The country dropped the "Western" from its name in 1997.
Apia, with a population of 33,000, is Samoa's capital and only major town. Apia is located on the northern coast of the island of Upolu. The country's largest industry is the Samoa Breweries plant that lies to the west of Apia. The Western Samoa Trust Estates Corporation has developed a hybrid high-yield variety of cocoa on a plantation 3 miles from the city. Faleolo International Airport west of Apia handles the majority of arrivals to Samoa. The main interisland transport in the Samoas is provided by Samoa Air and Polynesian Airlines. There is also daily service to Pago Pago, American Samoa. The number of passenger cars in Apia and around Samoa significantly increased in the 1990s, and the city now has a number of traffic lights. Apia Harbour is the only port of entry for Samoa.
Recreation and Entertainment
The most popular sport in Samoa is rugby, which is played almost year-round throughout the islands. Apia Park, the site of the 1983 South Pacific Games, is used mainly for rugby, soccer, and field hockey. Lawn bowling, netball, squash, tennis, boxing, wrestling, and American football are popular sports. Cricket is a played throughout Samoa's villages. Samoan cricket (kilikiti) is a modification of the British form, in which the bat resembles a traditional war club and teams number 30-40 per side. The Royal Samoan Country Club features an 18-hole course. Jazzercise, weight training, and aerobic classes are also available in Apia.
Samoa's biggest commercial center is the Maketi Fou, a central market that operates around the clock. Assorted meat, fish, and produce are sold there, but the market is also a place where people meet and mingle. The Palolo Deep National Marine Reserve near Apia's wharf is a superb site for snorkeling and picnics. The Philatelic Bureau of the Post Office offers collectors a wide selection of Samoa's stamps. Commemorative and mint coins from the Treasury are available from the Treasury Department in the Central Bank.
The fale is a traditional oval thatched-roof structure without walls that serves as a home or a meeting house. Fale accommodations are available to visitors in Samoa. Foreigners who visit a traditional village will endear themselves to the people if traditional Samoan rules of etiquette are followed. There are many places in the Samoas, especially in the interiors of islands or on remote beaches, where no formal accommodation and not even village accommodations will be available, making camping the only option. In Samoa, there are four official camping areas, all on Upolu: O Le Satapuala Resort, Tafatafa Beach, Lotofaga Beach, and Return-to-Paradise Beach.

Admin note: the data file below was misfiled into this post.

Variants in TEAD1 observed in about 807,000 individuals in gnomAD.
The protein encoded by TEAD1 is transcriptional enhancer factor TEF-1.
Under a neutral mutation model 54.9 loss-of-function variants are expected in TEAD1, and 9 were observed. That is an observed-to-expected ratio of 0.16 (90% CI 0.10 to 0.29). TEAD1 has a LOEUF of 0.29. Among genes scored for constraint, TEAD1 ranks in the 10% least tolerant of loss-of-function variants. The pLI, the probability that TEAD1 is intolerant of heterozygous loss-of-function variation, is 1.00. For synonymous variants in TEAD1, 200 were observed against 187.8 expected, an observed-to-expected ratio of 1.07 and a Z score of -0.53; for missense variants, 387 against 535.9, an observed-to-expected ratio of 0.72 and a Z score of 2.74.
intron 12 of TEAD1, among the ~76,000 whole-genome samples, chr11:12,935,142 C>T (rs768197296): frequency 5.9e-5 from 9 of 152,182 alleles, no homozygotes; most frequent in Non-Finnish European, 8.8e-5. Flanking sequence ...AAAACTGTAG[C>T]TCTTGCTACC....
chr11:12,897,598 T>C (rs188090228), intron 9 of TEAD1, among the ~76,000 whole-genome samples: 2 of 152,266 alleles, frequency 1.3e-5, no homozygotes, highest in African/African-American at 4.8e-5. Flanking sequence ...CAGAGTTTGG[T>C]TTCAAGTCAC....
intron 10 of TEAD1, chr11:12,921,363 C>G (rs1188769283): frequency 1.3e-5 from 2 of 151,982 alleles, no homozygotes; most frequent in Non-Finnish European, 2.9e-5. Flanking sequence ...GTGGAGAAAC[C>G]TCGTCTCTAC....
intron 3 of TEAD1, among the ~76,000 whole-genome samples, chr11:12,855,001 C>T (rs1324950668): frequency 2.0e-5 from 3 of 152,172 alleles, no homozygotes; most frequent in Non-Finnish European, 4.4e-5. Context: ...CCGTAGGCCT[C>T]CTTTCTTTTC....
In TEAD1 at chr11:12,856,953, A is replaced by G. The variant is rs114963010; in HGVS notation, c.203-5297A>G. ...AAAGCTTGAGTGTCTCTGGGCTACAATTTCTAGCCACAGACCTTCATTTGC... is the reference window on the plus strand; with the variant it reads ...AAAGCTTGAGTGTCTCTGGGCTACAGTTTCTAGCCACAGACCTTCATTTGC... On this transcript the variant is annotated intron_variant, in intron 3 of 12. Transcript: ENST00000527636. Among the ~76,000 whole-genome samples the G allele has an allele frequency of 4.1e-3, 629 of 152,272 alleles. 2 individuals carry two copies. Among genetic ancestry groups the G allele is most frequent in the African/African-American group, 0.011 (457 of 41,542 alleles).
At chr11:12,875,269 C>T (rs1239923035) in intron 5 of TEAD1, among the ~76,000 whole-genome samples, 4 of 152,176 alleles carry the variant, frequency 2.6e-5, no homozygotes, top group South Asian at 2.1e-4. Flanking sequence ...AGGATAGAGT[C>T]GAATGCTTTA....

Apia has several historical monuments and colonial buildings along its waterfront. The Catholic Cathedral was constructed between 1885 and 1905, and was the most prominent building along the city's skyline for many years. The clock tower in the center of the city was built as a monument to Samoans who were killed in World War I. Apia also has a World War II monument and a memorial to missionary Rev. John Williams. The Mulinu'u Peninsula at the western end of Apia has German, British, American, and Samoan monuments. The tombs of two former Samoan chiefs are also located on the peninsula. In the cool hills above Apia lies Vailima, the estate of Robert Louis Stevenson. The house lies some 650 feet above sea level and is (in name only) the official residence of the ruling Samoan head of state. The home was recently renovated to commemorate the hundredth anniversary of Stevenson's death in 1894. Stevenson's tomb is at the summit of nearby Mt. Vaea.
The Nelson Public Library contains a wide assortment of books pertaining to the South Pacific that are difficult to find elsewhere.